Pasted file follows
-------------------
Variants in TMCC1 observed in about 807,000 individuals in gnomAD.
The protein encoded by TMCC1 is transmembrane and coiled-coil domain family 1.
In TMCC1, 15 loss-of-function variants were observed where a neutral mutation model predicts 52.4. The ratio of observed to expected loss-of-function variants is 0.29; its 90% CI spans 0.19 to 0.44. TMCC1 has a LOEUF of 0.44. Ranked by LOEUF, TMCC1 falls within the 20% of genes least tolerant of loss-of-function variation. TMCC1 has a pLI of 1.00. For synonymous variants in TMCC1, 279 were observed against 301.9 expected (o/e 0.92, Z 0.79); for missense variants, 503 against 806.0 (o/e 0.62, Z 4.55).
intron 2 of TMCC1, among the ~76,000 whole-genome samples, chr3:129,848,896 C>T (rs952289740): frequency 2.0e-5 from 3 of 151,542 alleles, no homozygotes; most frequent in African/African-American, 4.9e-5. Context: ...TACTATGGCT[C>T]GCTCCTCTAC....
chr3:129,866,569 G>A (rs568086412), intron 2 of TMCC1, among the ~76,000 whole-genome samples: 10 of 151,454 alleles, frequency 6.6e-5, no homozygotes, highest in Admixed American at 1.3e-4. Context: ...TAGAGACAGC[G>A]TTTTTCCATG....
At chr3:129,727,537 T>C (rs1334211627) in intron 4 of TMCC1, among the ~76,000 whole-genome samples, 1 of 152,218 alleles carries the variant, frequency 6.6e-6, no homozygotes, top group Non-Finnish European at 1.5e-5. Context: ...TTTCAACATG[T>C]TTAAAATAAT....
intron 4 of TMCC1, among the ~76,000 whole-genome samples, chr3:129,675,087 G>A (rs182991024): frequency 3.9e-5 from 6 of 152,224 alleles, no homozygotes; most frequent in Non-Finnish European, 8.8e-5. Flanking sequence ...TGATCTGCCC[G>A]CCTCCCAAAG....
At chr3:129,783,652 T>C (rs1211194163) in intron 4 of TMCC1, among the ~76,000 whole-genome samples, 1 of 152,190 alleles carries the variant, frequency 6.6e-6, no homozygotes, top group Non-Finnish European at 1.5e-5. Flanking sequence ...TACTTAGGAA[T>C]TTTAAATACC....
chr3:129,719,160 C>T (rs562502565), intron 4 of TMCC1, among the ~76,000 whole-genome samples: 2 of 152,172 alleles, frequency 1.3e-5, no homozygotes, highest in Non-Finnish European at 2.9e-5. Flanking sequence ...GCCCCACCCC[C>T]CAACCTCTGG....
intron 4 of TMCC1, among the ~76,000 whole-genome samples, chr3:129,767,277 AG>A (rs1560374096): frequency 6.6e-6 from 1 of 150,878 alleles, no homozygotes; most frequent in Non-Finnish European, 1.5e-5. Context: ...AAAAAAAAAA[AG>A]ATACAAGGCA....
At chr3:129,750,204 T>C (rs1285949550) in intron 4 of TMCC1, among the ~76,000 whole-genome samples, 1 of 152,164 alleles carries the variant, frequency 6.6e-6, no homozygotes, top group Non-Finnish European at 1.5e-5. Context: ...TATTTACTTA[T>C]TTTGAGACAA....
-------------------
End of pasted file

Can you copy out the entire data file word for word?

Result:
Variants in TMCC1 observed in about 807,000 individuals in gnomAD.
The protein encoded by TMCC1 is transmembrane and coiled-coil domain family 1.
In TMCC1, 15 loss-of-function variants were observed where a neutral mutation model predicts 52.4. The ratio of observed to expected loss-of-function variants is 0.29; its 90% CI spans 0.19 to 0.44. TMCC1 has a LOEUF of 0.44. Ranked by LOEUF, TMCC1 falls within the 20% of genes least tolerant of loss-of-function variation. TMCC1 has a pLI of 1.00. For synonymous variants in TMCC1, 279 were observed against 301.9 expected (o/e 0.92, Z 0.79); for missense variants, 503 against 806.0 (o/e 0.62, Z 4.55).
intron 2 of TMCC1, among the ~76,000 whole-genome samples, chr3:129,848,896 C>T (rs952289740): frequency 2.0e-5 from 3 of 151,542 alleles, no homozygotes; most frequent in African/African-American, 4.9e-5. Context: ...TACTATGGCT[C>T]GCTCCTCTAC....
chr3:129,866,569 G>A (rs568086412), intron 2 of TMCC1, among the ~76,000 whole-genome samples: 10 of 151,454 alleles, frequency 6.6e-5, no homozygotes, highest in Admixed American at 1.3e-4. Context: ...TAGAGACAGC[G>A]TTTTTCCATG....
At chr3:129,727,537 T>C (rs1334211627) in intron 4 of TMCC1, among the ~76,000 whole-genome samples, 1 of 152,218 alleles carries the variant, frequency 6.6e-6, no homozygotes, top group Non-Finnish European at 1.5e-5. Context: ...TTTCAACATG[T>C]TTAAAATAAT....
intron 4 of TMCC1, among the ~76,000 whole-genome samples, chr3:129,675,087 G>A (rs182991024): frequency 3.9e-5 from 6 of 152,224 alleles, no homozygotes; most frequent in Non-Finnish European, 8.8e-5. Flanking sequence ...TGATCTGCCC[G>A]CCTCCCAAAG....
At chr3:129,783,652 T>C (rs1211194163) in intron 4 of TMCC1, among the ~76,000 whole-genome samples, 1 of 152,190 alleles carries the variant, frequency 6.6e-6, no homozygotes, top group Non-Finnish European at 1.5e-5. Flanking sequence ...TACTTAGGAA[T>C]TTTAAATACC....
chr3:129,719,160 C>T (rs562502565), intron 4 of TMCC1, among the ~76,000 whole-genome samples: 2 of 152,172 alleles, frequency 1.3e-5, no homozygotes, highest in Non-Finnish European at 2.9e-5. Flanking sequence ...GCCCCACCCC[C>T]CAACCTCTGG....
intron 4 of TMCC1, among the ~76,000 whole-genome samples, chr3:129,767,277 AG>A (rs1560374096): frequency 6.6e-6 from 1 of 150,878 alleles, no homozygotes; most frequent in Non-Finnish European, 1.5e-5. Context: ...AAAAAAAAAA[AG>A]ATACAAGGCA....
At chr3:129,750,204 T>C (rs1285949550) in intron 4 of TMCC1, among the ~76,000 whole-genome samples, 1 of 152,164 alleles carries the variant, frequency 6.6e-6, no homozygotes, top group Non-Finnish European at 1.5e-5. Context: ...TATTTACTTA[T>C]TTTGAGACAA....